By Richard Winters
My Rating: 0 out of 10
4-Word Review: Teen makes bad movie.
J.P. Shelldrake (Tony Curtis) is a desperate Hollywood producer looking for a film that will be guaranteed to bomb at the box office so he can use it as a tax write-off to help him pay off his back taxes. He thinks he’s found the potential answer when he receives a film directed by a young novice Stevie Horowitz (Dean Jacobsen) entitled ‘Lobster Man from Mars’, which comprises to be a tacky send-up to cheesy ’50s sci-fi flicks, but the film surprisingly does well sending the desperate Shelldrake even further into a hole.
The film is the so-called brainchild of Stanley Sheff and Bob Greenberg who in 1977 were offered $50,000 by a studio to write a script in the vein of a low budget ‘50s movie, but the two decided instead to make it a movie-within-a-movie and use it as an excuse to poke fun at all the clichés many of those films had. Unfortunately once they completed the script the studio pulled out of the deal forcing them to spend the next 10 years looking for another studio to fund their project. Finally in 1987 they were able to secure financial backing and then just two days before filming was to commence Greenberg died in a car accident and thus never got to see the script he worked so hard on come to fruition and this film ended up being dedicated to his memory.
However, what may sound funny and clever in concept does not always reflect what ultimately comes out on the screen. The film relies too heavily on lame, corny humor as well as broad caricatures to propel it. Cheesy B-movies and Hollywood studio bigwigs are easy targets that have been satirized many times before and this parody fails to supply any new spin to it.
The benign, blank personality of the young filmmaker is completely wrong. I went to film school during the ‘80’s and met first-hand some ‘up-and-coming’ young directors to-be and they behaved nothing like the dull kid here. They always had a pretentious attitude about them like they were the next Kubrick or Spielberg in waiting. They would never have made a corny ‘50s styled flick as that would’ve been considered ‘unhip’ and instead they would’ve tried to emulate the latest trendy hit like Dune or Rambo or maybe even a gory slasher movie.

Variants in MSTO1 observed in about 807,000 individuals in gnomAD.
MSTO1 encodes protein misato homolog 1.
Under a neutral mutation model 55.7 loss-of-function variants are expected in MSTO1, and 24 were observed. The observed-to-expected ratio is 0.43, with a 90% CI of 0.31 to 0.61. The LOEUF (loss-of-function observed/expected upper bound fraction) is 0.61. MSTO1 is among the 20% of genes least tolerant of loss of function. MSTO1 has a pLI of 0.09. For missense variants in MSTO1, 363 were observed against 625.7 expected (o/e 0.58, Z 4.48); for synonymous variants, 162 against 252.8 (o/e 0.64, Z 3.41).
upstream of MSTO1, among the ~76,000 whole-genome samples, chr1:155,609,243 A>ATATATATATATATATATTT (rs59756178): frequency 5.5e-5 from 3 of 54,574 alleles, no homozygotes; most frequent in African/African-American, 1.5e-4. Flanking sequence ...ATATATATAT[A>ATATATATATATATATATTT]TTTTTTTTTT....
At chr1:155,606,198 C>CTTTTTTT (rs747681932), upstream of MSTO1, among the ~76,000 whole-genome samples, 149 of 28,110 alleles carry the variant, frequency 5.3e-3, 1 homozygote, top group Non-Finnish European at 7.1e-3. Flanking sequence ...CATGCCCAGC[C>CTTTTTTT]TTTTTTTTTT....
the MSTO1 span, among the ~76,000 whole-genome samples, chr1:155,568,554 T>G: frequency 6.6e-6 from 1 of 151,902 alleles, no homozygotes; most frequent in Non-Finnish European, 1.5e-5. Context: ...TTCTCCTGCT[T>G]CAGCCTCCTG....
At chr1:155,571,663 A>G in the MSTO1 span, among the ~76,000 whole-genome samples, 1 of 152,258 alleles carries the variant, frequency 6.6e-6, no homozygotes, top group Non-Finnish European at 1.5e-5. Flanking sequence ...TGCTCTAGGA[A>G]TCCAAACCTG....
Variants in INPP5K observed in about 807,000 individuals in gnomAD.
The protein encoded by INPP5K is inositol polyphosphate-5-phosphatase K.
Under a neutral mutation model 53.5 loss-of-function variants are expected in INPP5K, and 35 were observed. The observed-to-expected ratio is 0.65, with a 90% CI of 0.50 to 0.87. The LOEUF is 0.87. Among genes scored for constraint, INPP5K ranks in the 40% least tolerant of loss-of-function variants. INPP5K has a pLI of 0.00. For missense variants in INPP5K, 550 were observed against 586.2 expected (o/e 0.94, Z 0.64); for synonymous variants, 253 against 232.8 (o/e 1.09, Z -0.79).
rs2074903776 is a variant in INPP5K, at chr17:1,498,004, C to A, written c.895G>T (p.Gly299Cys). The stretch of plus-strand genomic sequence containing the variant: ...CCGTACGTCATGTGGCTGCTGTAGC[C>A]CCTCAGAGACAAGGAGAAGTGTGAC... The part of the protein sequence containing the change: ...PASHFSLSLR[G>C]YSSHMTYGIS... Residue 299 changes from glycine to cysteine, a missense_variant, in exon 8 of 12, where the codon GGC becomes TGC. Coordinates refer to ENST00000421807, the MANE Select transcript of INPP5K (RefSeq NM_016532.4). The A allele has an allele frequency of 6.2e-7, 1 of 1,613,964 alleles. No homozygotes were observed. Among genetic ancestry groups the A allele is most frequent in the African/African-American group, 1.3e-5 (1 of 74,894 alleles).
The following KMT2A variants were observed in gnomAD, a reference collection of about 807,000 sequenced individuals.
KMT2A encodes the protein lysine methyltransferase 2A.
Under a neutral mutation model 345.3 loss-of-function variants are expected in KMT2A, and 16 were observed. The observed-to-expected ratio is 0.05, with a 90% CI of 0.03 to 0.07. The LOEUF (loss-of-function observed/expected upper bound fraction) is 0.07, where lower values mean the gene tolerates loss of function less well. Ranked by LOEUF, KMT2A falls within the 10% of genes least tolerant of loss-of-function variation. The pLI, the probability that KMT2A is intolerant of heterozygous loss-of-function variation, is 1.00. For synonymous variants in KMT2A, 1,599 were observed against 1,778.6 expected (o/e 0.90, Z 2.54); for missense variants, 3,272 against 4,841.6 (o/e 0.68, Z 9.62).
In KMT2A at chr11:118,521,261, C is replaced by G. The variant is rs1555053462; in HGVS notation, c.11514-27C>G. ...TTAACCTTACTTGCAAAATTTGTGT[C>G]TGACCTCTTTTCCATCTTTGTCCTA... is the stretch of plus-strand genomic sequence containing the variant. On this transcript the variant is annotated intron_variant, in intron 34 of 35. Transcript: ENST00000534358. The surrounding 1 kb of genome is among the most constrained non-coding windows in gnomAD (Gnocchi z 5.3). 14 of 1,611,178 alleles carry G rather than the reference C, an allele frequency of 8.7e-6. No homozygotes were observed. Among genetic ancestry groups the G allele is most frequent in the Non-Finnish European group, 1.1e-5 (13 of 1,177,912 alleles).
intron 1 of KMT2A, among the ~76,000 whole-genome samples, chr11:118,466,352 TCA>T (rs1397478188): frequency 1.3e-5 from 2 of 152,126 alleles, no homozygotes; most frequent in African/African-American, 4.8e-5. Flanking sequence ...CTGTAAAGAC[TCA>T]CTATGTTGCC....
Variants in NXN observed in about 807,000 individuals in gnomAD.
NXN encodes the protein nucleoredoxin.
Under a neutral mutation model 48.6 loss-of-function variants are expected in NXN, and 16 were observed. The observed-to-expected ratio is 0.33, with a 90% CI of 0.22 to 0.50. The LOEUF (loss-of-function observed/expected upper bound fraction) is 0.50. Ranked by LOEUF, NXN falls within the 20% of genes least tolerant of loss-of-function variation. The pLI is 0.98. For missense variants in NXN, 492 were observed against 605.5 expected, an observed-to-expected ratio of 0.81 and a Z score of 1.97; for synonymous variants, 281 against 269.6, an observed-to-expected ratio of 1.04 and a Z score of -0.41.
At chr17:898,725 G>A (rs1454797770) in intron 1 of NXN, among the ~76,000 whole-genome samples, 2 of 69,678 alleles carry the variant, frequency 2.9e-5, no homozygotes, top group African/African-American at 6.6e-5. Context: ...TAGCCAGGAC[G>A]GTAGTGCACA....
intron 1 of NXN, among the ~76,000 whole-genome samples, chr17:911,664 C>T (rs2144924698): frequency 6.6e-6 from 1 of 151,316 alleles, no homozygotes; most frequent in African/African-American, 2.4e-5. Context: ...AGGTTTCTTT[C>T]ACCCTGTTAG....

Bad movies are fun when the filmmakers were trying to make something serious, or ‘profound’ only to have it end up being unintentionally humorous yet this kid’s movie has obvious gags in it like he was trying to make something campy, which then kind of loses the whole point. I also kept wondering how the kid managed to find so many different actors to play the parts and how he was able to fund it.
Things would’ve been funnier had everything been filmed in his own house or backyard while they tried to poorly disguise it as being someplace else. All the parts should’ve been played by his high school friends or family members some of whom would be forced to double-up and play two or maybe even three different parts. The film should’ve also of had a third running storyline dealing with the behind-the-scenes calamity of how the silly movie got made in the first place. I’ve worked on several low budget 48-Hour projects and believe me the stuff that goes on behind the camera on those amateur productions is far more interesting than what you end up seeing on screen.
The ‘innovative’ movie-within-a-movie concept fails to work because it doesn’t cut back to the film producer screening the movie enough. Instead we’re forced to watch 15 to 20 minutes of the cheesy flick only to see the producer’s reaction for a brief half-minute and then back to the cheesy flick until it seems like that’s all there is and the secondary storyline becomes an afterthought.
The ‘twist’ where the kid’s movie inexplicably becomes a giant moneymaking hit is nothing more than a plot rip-off from the far superior and funnier The Producers and it doesn’t really make sense. First there’s no way the American public, as dumb as their movie tastes can sometimes be, would flock to see this kid’s awful flick to the tune of it becoming the highest grossing movie of all time. Even if it did make that much money wouldn’t it then mean that the producer would have enough money to pay off his back taxes and thus stay out of jail?
If you want to watch something genuinely funny then check-out an actual B-movie from the ‘50’s that was trying to be serious, but ended up not being instead of this thing that tries to be intentionally lame until it becomes just plain too lame. You’ll be far more entertained I guarantee it.
My Rating: 0 out of 10
Release: January 29, 1989
Runtime: 1Hour 22Minutes
Director: Stanley Sheff
Studio: Electric Pictures